Simple words, first spoken in 1905 by the head football coach at Harvard University, need to be heard by athletes at all levels today.
In case any man in any game gets hurt by a hit on the head so that he does not realize what he is doing, his teammate should at once insist that time be called and that a doctor come onto the field to see what is the trouble.
— Coach Bill Reid, Harvard University football, 1905
So in hopes of letting coaches, teachers, parents, and others pass on this important message, which refers to concussions before anyone was saying “football-induced chronic traumatic encephalopathy,” the Illinois High School Association will join hundreds of other organizations, including John Hersey High School in Arlington Heights and the Brain Injury Association of Maryland, for a day of concussion awareness.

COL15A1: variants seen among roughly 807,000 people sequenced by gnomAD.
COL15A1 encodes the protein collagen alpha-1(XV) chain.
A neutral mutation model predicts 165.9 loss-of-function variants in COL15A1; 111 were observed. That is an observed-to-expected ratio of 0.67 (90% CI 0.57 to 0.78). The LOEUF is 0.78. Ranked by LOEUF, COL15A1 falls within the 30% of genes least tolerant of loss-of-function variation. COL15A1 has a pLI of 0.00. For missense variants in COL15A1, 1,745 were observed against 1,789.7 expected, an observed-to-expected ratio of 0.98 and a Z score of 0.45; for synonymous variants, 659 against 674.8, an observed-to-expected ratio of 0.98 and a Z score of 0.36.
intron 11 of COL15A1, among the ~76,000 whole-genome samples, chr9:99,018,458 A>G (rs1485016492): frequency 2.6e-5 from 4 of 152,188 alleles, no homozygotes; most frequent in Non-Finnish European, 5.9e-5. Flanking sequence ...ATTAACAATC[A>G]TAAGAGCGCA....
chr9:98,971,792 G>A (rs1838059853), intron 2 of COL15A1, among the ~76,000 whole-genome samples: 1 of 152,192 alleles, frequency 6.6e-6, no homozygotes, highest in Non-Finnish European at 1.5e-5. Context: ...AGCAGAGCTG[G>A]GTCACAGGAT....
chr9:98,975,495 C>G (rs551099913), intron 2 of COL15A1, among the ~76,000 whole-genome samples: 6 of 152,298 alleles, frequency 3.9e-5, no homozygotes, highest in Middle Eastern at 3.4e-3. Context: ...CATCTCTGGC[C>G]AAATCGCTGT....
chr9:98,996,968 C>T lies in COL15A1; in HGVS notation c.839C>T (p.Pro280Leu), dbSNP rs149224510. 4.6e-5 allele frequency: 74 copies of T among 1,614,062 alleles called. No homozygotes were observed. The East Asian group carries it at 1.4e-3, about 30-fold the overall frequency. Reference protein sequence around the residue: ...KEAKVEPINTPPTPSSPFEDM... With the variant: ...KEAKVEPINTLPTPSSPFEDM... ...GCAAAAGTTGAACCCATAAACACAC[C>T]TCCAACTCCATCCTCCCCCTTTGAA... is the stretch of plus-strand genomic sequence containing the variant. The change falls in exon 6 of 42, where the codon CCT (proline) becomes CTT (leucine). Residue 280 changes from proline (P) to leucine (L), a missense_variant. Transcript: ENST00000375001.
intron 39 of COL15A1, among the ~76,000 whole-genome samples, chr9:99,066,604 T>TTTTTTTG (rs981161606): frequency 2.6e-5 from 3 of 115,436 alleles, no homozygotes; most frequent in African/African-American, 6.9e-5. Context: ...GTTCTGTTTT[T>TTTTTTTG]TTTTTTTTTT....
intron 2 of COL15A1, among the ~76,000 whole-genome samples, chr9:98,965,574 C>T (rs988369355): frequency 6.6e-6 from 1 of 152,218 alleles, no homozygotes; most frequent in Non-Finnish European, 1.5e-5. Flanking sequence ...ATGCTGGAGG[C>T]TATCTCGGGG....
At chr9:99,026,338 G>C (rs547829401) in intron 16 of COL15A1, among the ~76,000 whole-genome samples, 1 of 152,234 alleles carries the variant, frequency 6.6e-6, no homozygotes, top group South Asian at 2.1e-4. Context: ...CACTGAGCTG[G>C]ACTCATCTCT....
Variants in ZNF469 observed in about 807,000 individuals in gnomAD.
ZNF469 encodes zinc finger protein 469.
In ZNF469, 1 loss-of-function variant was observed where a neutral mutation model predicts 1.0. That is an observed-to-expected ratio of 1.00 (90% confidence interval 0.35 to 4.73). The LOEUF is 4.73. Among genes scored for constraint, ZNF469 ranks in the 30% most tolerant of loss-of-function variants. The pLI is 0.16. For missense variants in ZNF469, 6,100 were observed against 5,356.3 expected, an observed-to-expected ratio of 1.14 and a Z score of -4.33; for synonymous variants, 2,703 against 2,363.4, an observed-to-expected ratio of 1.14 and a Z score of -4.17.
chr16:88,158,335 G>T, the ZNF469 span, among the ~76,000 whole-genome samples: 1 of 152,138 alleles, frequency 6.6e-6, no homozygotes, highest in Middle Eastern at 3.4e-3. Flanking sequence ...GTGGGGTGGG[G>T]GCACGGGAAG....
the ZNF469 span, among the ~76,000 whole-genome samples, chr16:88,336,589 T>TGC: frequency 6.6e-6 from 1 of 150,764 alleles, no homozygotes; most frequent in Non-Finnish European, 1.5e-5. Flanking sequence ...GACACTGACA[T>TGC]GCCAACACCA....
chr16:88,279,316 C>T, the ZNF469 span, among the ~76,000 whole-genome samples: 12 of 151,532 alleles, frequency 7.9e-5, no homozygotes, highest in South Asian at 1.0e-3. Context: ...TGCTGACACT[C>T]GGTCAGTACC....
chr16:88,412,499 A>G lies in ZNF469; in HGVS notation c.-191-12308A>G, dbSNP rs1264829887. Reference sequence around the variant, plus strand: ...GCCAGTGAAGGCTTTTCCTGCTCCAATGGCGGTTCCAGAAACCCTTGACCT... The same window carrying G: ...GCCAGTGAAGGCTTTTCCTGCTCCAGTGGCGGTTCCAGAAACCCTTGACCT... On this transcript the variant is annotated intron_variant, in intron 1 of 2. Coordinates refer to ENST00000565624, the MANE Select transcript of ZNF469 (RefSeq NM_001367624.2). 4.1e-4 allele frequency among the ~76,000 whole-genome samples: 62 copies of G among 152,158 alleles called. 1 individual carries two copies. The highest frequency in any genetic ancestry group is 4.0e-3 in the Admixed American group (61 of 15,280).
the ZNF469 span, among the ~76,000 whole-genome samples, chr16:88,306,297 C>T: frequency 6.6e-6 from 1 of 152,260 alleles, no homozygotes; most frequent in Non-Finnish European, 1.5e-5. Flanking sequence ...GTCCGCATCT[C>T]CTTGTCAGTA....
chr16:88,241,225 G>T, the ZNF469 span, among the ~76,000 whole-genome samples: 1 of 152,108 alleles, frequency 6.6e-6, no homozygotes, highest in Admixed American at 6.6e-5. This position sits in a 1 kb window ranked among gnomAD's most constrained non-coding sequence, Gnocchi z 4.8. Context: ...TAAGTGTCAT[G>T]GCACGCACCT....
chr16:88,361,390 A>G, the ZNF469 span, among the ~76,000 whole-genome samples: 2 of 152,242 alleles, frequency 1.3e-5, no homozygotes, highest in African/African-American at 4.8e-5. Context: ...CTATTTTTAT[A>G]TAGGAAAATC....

The one-day event, which takes place across America on Tuesaday, September 13, is known as “Team Up Day,” sponsored by the Concussion Legacy Foundation, which “believes we all have a responsibility to ensure athletes can reach their full potential on and off the field. We are committed to protecting athletes and families through research, policy, and education.”
In the US, the Centers for Disease Control and Prevention estimates that about 3.8 million concussions occur every year but only one in six is actually reported. The foundation and its partners hope to encourage athletes to report concussion symptoms when they see them in order to protect athletes’ long-term health.
“A speech from a person of authority to their team instructing them to report concussion symptoms in teammates has been lost to history. Without this instruction, many players still think they are being a good teammate by covering for a teammate with a concussion,” the foundation writes.